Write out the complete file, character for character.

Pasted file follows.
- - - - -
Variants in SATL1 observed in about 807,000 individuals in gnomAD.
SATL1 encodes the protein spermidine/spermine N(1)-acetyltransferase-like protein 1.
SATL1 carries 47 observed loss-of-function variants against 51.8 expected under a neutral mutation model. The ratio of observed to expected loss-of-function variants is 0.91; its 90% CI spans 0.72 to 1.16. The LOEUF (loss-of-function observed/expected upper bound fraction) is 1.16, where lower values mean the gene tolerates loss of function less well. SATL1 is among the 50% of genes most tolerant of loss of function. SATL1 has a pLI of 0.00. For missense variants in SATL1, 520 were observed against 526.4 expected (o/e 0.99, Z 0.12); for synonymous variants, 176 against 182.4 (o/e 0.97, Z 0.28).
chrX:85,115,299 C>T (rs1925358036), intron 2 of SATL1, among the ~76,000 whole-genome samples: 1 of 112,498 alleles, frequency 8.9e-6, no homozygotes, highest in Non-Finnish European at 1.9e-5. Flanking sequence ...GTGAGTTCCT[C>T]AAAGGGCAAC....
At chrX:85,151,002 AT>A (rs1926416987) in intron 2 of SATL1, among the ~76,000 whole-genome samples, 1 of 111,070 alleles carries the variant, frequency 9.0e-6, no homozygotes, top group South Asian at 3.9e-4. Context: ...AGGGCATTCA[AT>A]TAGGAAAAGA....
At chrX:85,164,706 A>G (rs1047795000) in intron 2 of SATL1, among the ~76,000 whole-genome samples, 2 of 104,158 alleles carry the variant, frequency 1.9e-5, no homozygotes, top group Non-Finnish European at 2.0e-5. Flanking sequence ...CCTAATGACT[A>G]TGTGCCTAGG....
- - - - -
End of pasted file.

Variants in SATL1 observed in about 807,000 individuals in gnomAD.
SATL1 encodes the protein spermidine/spermine N(1)-acetyltransferase-like protein 1.
SATL1 carries 47 observed loss-of-function variants against 51.8 expected under a neutral mutation model. The ratio of observed to expected loss-of-function variants is 0.91; its 90% CI spans 0.72 to 1.16. The LOEUF (loss-of-function observed/expected upper bound fraction) is 1.16, where lower values mean the gene tolerates loss of function less well. SATL1 is among the 50% of genes most tolerant of loss of function. SATL1 has a pLI of 0.00. For missense variants in SATL1, 520 were observed against 526.4 expected (o/e 0.99, Z 0.12); for synonymous variants, 176 against 182.4 (o/e 0.97, Z 0.28).
chrX:85,115,299 C>T (rs1925358036), intron 2 of SATL1, among the ~76,000 whole-genome samples: 1 of 112,498 alleles, frequency 8.9e-6, no homozygotes, highest in Non-Finnish European at 1.9e-5. Flanking sequence ...GTGAGTTCCT[C>T]AAAGGGCAAC....
At chrX:85,151,002 AT>A (rs1926416987) in intron 2 of SATL1, among the ~76,000 whole-genome samples, 1 of 111,070 alleles carries the variant, frequency 9.0e-6, no homozygotes, top group South Asian at 3.9e-4. Context: ...AGGGCATTCA[AT>A]TAGGAAAAGA....
At chrX:85,164,706 A>G (rs1047795000) in intron 2 of SATL1, among the ~76,000 whole-genome samples, 2 of 104,158 alleles carry the variant, frequency 1.9e-5, no homozygotes, top group Non-Finnish European at 2.0e-5. Flanking sequence ...CCTAATGACT[A>G]TGTGCCTAGG....